Upper Great Hall
Climb the Grand Staircase to learn about the beautiful and spacious areas of the Upper Great Hall, Sitting Alcove, Upper Gallery.
This was a space where guests could relax when not enjoying the recreational activities the estate had to offer. Explore the rooms off the Upper Great Hall before going down the main hallway to the rest of the bedrooms.
In Frances and Dan’s bedroom wings, you’ll see a guest room before reaching their bedrooms. Each guest room is appointed with two beds, a walk-in closet and an ensuite bathroom. Above each suite is a playroom, can you find how each child would reach the floor above?
When Meadow Brook Hall was completed, it was located on dirt roads more than an hour’s drive from Detroit. Expecting that the children would have friends visiting from out of town, the Wilsons prepared so that no one would be in sleeping bags on the floor!
The Wilson children do not have bedroom suites because they were adopted after The Hall was completed. Richard joined the family in 1930, and, after Frances suggested her brother would need a playmate his own age, they adopted Barbara in 1931.
Right off the Upper Great Hall, the Sitting Alcove is a more quiet place for guests to relax. It's decorated much like Matilda’s earlier, more Victorian home was, with its dark wood paneling, red velvet upholstered furniture, cranberry glass and hand-cranked Victrola (before electricity, this is how music would be played).
Of special note is the Tiffany Studios standing tulip lamp, which once hung in the entrance hall of Matilda’s home in Detroit as well as Meadow Brook Hall. It has been moved here for safekeeping.
The large “ribbon picture” of Mary Queen of Scots was made using a crafting technique popular in the 1920s and 30s. Different colors of thread and ribbons - sometimes joined with fabric or beads - were embroidered to create a picture; the face and hands of anyone pictured were often cut out from magazines.
We recently learned ours was made in 1926 by Seyemon Kusumoto, a prominent Japanese landscape designer in the early 20th century, while he was working at H. Goode Cheynes house in Cottered, England. He likely carved the wood frame as well. More research is underway to learn more.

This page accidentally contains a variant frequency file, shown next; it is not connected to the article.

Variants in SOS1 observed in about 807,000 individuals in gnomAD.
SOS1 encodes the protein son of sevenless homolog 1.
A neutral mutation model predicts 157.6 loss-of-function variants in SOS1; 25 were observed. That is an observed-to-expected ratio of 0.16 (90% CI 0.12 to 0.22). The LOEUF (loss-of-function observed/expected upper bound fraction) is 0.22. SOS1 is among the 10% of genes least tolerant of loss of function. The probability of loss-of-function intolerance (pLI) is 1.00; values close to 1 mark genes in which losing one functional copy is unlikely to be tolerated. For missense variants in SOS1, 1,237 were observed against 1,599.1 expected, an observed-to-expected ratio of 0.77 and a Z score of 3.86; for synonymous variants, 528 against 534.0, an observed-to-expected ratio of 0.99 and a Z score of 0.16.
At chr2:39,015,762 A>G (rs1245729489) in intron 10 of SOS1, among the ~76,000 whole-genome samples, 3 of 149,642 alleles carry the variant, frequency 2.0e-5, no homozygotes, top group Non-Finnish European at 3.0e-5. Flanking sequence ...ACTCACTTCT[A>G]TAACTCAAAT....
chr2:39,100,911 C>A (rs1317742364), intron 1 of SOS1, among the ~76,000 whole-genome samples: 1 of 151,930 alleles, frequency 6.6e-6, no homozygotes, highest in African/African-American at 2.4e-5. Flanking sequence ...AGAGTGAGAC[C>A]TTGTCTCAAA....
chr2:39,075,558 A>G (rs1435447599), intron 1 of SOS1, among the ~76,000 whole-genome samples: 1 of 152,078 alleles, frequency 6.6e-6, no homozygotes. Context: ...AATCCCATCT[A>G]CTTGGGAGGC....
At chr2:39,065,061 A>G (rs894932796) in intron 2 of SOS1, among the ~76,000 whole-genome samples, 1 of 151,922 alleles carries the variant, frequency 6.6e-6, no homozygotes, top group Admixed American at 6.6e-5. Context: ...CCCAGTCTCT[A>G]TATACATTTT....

Note the display cases in this gallery hallway; the Wilsons were avid collectors of many different types of objects, and particularly so when they traveled.
Glassware, porcelain, dolls, elephants and letter openers were among the things they purchased when visiting markets around the world.
The themes of the guest rooms (French, Italian and English) are further reflections of the Wilsons desire to bring the objects and sights of places they loved home with them; they are meant to replicate the architecture and design of those three countries.
Meadow Brook Hall’s governess had a beautifully-appointed room - the Adams Room - in the main part of the house, close in proximity to the Nursery.
At night, she could close (and even lock) both hers and the Nursery’s doors to the hallway to increase security and decrease noise. A walk-in closet (the door to your right) doubles as a direct passage to the Nursery, allowing her to check on Richard and Barbara during the night.
After she grew out of the nursery, Barbara Wilson chose this to be her bedroom.
When designing the Nursery, Matilda and Alfred Wilson wanted their future children to grow up in a room surrounded by fun and whimsy. Custom-made tiles portraying Mother Goose nursery rhymes decorate both the bedroom fireplace and the adjoining bathroom.
As young toddlers, Richard and Barbara Wilson’s bath time was likely a playful occasion enhanced by the border of nursery rhyme tiles that include such favorites as Humpty Dumpty, the Cat and the Fiddle and Little Miss Muffet.
The next room is Alfred’s bedroom; for the size of this home and the time period, his bedroom is unusually near the noise and hubbub of the Nursery. This speaks volumes of the family’s devotion to their children.
The Nursery Kitchen is where the nanny could warm up bottles of milk and prepare small meals for Richard and Barbara. Housemaids could access it to prepare tea trays for guests.
This guest room perfectly reflects the amenities a guest at Meadow Brook would have.
Every guest room had two beds, a walk-in closet, an ensuite bathroom, a wall safe, a child-sized chair and a set of china.
Even more remarkably, all of this matched the décor of their room. This is the only room where the wall safe is visible; it looks like a silver circle and is embedded in the wall above the vanity.